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PART II

When dealing with several people, why not hold a formal "bitch" session? 

Give everyone with a complaint or gripe the public opportunity to vent. And whether you are working one-on-one or with an entire department of people, ask what they (your audience or team) would do in your position, or what they would do specifically to resolve the problems they are bringing up. Ask for a minimum of two solutions for every complaint. Let your employees know that you need their ideas to make a case before your executive team.

Take the time to understand and to be understood by everyone you come in contact with. That includes your family, friends, associates, vendors, clients, the media and even your employees. Rage and violence flourish in an environment where people experience, but are unable (or not allowed) to express feelings of betrayal, anger and frustration.
Take the first step by offering a closed mouth and an open ear. Keep in mind that if you’re talking more than listening, something is wrong. Then, become the verbalizer and share your own feelings with an individual or group of people whom you trust.

Additionally, moderate the flow of gossip. If you notice the proliferation of rumors being circulated among your employees, verify them from the source. Despite popular opinion, work is not the place to gossip. It only creates animosity, tension, and ill-will. When dealing with the gossiper, call their bluff! Invite them to join you to confront the other individuals that are being talked about.

Usually, the gossiper will shut up and not gossip again. Also, always have additional special projects to help the gossipers rechannel their energies into something more productive. The best tactic, though, is to remind your employees that eventually, their private affairs might be the subject of conversation. Why open themselves to defeat?

Repeat the following statement out loud.
Confrontation is good. And consequences are outstanding!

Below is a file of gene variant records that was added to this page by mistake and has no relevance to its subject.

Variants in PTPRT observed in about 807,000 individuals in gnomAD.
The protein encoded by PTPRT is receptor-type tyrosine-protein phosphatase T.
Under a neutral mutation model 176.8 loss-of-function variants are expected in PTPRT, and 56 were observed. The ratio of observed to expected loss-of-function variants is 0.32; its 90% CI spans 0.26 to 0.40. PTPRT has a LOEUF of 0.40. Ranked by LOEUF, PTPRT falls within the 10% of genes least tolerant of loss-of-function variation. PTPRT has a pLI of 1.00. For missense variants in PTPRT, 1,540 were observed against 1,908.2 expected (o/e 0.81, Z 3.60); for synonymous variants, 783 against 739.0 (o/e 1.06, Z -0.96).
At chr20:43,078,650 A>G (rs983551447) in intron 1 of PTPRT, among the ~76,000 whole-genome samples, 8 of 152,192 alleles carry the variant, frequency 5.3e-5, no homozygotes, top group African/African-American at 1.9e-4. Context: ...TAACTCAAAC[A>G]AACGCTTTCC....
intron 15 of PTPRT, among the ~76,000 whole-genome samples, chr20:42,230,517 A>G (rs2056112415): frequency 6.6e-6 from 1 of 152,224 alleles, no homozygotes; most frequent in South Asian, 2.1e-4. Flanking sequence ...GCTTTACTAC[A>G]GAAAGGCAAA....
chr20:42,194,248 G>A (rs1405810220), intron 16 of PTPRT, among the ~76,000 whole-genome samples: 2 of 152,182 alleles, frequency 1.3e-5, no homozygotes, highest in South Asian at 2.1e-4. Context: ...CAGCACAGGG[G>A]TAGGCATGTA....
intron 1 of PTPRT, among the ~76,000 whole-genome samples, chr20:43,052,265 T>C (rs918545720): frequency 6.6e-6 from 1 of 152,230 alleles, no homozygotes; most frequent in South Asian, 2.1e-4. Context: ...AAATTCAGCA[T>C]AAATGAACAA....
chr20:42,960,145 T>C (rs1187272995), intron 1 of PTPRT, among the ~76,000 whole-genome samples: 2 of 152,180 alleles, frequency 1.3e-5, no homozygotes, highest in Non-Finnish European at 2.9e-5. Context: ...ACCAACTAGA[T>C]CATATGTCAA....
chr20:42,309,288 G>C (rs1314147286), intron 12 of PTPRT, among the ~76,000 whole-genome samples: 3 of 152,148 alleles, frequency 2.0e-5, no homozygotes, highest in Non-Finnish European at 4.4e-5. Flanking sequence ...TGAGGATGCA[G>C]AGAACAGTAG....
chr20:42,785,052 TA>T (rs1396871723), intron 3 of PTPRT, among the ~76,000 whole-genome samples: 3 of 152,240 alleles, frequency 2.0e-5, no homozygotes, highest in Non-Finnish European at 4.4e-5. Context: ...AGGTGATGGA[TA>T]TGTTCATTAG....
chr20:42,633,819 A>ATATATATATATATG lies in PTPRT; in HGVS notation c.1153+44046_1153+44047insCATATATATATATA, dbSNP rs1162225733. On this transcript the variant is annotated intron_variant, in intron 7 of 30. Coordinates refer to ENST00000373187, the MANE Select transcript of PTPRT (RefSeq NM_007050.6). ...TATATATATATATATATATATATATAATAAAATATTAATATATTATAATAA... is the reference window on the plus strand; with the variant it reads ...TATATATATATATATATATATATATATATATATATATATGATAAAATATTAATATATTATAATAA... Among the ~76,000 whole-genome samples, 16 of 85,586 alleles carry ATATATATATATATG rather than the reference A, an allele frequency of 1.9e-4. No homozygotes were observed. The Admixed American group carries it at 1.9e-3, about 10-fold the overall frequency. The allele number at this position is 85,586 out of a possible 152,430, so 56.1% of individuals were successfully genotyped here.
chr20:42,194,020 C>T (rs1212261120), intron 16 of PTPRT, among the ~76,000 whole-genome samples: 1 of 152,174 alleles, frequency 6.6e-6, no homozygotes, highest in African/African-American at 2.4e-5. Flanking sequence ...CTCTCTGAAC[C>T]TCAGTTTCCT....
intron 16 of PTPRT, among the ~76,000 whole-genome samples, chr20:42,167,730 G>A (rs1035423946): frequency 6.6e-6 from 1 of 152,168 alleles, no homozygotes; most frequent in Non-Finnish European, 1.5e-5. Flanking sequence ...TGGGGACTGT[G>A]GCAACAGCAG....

Come on. This time, say it like you really believe it! Confrontation is good ... And consequences are outstanding!!

One of the leading reasons for negativity in the workplace is that we are not confronting employee behavior directly
Your employees want to be confronted, otherwise they don't know how they're doing. If they don't know if they're meeting or exceeding the team's, department's or organization's (or your) expectations it then becomes virtually impossible to maintain a positive attitude.
Employees often will take your lack of interaction to signify that something is wrong or that you simply don't care. Or, they deliberately begin to engage in even more negative activities in the hopes of getting your attention (just like most of us did when we were younger).
And when that doesn't work, you can expect your turnover rates and sick day percentages to stay high as employees spend their time looking for employment elsewhere, or sticking around until something better comes along.

Instead of hoping that your employees know what to do, how to do it, why to do it and when to do it, acknowledge their behaviors, good and bad alike. Employees must know that positive and negative consequences exist for their actions.
For instance, if being positive is an expectation and an employee doesn't meet that expectation, what do you do? Exactly — you confront that person by asking them to come to your office or to join you in a private area away from where others can't eavesdrop.
First, depending on their personality type, you either ask about the family or you cut right to the point of this meeting.

Then, you let them know assertively that WE have a problem (If it's to discuss an accomplishment it is YOUR [the employee's] accomplishment. When it's a problem then WE have the problem).

You ask to confirm that they understand that the job description clearly expects all employees to refrain from gossip, to offer positive solutions to problems and to respect their team members by coming in on time. Once the employee acknowledges that they are aware of the expectations, you confront them with the facts, "You've been late five times in the last two weeks." (If you'd like software that makes it easy to track employee attendance look into purchasing People Manager.)

Ask them to tell you in their own words how they would feel if they were the one who had to answer the phone calls or pick up the slack because someone else was coming in late. Give them the opportunity to take ownership of the problem. Ownership leads to resolution. Focus on their strengths by telling them about what you envision them accomplishing in the weeks, months or years to come. Then, lead them into the specific confrontation and actions they need to take.

Chances are, your employee may try to divert the attention by shifting the burden to other people, teams or departments. DON'T let them take you down that path!

(TOGive (((((((them the opportunity to take ownership of the problem. Ownership leads to resolution. Focus on their strengths by telling them about what you envision them accomplishing in the weeks, months or years to come. Then, lead them into the specific confrontation and actions they need to take.
Chances are, your employee may try to divert the attention by shifting the burden to other people, teams or departments. DON'T let them take you down that path!

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